John Cotton Dana
A Brief Sketch...
b. August 19, 1856- d. July 21, 1929
“It is important to dwell thus upon Mr. Dana’s ancestors because he was himself so aware of them, feeling that he was bone of their bone and flesh of their flesh.” He kept extensive genealogy files.
“With a greater wisdom Mr. Dana recognized that a man is defined to some degree by his inheritance, and that the pattern of his responsibility is fixed by it. He did not boast of his ancestors. He tried to live up to them.” He was directly descended from John Cotton, the Cambridge-educated Congregational theologian and leader of the 17th century Massachusetts Bay Colony.
His ancestral characteristics: “He had the strong individuality of the Cottons, the creative energy of the Danas, the civic loyalty of the Loomises, the quiet humor of the Swans and the integrity of the Cushings.”
Charles Dana came to Woodstock in 1802 to open a dry goods store. Charles married Mary Gay Swan in 1808. They had 8 children (the third, Charles was John’s father). His father was described as having a “rare literary faculty” and who “would make a more successful merchant if he did not sit up so late with his books.” Charles married Charitie Loomis in 1848.
John was one of six siblings: Charles, Harold, John Cotton, Joseph L., Edward, and Mary Loomis (she died quite young).
Parents were devout and they went to church every Sunday. Father “beloved and dignified”. His mother “to whom cleanliness was so near to godliness that sometimes the partition was too thin to notice.”
“Years afterward he recalled how once in his childhood he was just starting off on a boyish game when he heard the undeniable voice: ‘You haven’t finished the yard yet. Over by the store are several scraps of paper! You haven’t raked the grass near the steps- it’s full of dead leaves. You must rake the yard over, every bit of it!’”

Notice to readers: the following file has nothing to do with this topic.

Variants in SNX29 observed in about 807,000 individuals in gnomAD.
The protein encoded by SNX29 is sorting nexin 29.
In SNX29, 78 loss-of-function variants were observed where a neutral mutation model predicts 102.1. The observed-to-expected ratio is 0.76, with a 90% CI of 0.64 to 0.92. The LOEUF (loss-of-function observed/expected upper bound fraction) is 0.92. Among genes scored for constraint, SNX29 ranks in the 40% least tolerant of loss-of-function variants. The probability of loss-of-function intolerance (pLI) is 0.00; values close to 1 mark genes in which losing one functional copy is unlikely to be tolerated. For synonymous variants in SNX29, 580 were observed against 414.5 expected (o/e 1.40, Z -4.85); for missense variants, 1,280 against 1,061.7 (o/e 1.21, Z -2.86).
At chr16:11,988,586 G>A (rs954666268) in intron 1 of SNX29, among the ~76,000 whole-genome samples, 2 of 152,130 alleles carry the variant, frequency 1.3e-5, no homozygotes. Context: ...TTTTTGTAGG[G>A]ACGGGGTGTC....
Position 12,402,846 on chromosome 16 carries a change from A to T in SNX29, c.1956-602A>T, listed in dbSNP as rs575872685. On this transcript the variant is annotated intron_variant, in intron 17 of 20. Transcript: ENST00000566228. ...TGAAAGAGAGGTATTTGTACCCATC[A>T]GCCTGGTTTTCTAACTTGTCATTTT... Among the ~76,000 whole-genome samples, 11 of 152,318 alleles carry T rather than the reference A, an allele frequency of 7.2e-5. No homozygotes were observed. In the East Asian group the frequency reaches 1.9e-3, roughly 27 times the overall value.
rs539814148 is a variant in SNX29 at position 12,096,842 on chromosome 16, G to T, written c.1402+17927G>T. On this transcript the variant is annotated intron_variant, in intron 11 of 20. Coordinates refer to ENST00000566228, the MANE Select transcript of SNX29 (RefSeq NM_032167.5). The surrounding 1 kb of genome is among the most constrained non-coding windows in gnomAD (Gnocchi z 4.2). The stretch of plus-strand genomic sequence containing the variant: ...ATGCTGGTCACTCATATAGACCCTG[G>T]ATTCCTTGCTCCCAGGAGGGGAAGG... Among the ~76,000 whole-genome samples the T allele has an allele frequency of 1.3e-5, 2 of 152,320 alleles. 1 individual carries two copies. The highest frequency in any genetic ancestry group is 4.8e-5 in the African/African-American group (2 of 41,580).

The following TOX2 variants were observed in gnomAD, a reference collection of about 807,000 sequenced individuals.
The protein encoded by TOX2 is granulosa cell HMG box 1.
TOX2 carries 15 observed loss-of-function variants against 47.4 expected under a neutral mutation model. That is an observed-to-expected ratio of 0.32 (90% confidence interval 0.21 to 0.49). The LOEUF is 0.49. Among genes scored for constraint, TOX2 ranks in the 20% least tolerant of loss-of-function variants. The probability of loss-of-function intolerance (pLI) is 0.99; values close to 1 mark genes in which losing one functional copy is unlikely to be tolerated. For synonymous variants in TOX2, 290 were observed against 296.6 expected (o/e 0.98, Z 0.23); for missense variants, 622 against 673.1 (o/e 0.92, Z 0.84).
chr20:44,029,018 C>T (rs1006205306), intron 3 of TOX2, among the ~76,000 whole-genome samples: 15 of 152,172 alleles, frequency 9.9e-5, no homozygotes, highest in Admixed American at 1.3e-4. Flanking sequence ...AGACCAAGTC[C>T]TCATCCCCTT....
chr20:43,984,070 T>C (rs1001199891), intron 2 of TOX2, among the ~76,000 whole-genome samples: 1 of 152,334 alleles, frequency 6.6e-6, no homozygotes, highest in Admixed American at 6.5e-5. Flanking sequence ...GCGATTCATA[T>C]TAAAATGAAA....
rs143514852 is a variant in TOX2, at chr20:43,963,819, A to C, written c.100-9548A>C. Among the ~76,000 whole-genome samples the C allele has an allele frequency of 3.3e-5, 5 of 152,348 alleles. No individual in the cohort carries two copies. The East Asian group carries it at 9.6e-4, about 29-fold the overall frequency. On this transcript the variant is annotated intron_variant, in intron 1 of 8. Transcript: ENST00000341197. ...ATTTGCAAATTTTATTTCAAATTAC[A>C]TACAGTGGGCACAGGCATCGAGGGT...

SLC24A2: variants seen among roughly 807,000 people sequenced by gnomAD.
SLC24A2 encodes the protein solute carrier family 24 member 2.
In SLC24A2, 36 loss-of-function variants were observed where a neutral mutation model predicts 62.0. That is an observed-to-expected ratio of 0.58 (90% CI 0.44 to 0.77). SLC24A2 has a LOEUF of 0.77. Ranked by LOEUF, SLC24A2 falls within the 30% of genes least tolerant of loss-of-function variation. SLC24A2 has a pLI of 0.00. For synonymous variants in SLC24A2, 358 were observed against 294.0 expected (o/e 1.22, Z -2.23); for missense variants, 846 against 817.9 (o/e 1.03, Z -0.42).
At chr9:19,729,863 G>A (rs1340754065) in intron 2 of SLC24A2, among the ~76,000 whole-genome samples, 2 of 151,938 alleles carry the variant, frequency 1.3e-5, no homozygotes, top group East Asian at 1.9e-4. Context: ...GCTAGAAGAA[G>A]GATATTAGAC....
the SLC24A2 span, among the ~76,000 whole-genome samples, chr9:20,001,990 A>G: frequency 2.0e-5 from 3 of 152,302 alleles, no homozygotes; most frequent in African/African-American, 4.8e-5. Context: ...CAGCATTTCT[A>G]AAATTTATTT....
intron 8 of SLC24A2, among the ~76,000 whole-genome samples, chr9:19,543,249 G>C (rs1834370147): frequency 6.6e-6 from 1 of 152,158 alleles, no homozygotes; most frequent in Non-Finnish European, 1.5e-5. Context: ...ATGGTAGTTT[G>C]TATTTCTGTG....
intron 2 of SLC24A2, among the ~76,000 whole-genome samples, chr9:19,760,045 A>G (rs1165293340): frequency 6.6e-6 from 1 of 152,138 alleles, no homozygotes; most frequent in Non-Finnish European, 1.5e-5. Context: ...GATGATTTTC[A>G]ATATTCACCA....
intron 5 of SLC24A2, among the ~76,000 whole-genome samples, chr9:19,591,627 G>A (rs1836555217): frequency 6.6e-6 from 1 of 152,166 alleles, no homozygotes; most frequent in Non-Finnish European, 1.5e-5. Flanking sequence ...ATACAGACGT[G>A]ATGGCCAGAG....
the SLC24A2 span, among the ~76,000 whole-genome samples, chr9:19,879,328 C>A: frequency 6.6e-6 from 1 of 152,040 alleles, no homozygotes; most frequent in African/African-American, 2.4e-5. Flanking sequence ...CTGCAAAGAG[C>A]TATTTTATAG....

“He grew up among good books but there was no place in his home for reading that ventured into fields untrodden by the polite accepted authors.”
“The Vermonter is as he is, and the only emotion in him that matches his independent pride is his fine scorn of those who think that because they live more easily they therefore live more wisely. He will match wits with anyone who has an egg or a horse or an idea to swap, but to all who come with any kind of missionary zeal to make him other than he is, he presents a resistant silence that approximates the tenacious glory of his granite hills.”
“Besides the wider horizons opened by books there were those revealed by his father’s store… he learned to call people by name and to anticipate their familiar purchases. He could tell a horse at a glance and guess its weight within a few pounds. The characteristic phrases of the twanging speech of all his neighbors were as much a part of his normal world as the haze over the hill.”
“In addition to these neighborly folks the store drew to itself consignments of goods from the ends of the earth… Every packing box was an emissary and a mystery coming from far places to quicken a boy’s imagination and stir his curiousity.”
“When they were emptied they became raw materials for amateur carpenters. Planing the long pine boards of which the boxes were made, John learned the pleasure of skill with a tool.”
Had chores as a boy (yard and barn) including handling a horse, feeding of a pig, fetching home the cows and milking them. There was a garden to plant, hoe and weed. Winter wood needed sawing and the shed filled.
The Dana boys would build rafts from the packing boxes. They swam in the river. The sheets of lead from the tea chests supplied sinkers for the fishing lines. They played marbles.
John looked up to Charley Perry (drove teams and loaded the wagons/sleds for the store). Another friend was Jim Hazard (colored man who split their wood, was an excellent bowman, and could spin a tale of California).
He had a little brown notebook containing the records of boyish clubs including the Otta-Queechee Base Ball Club.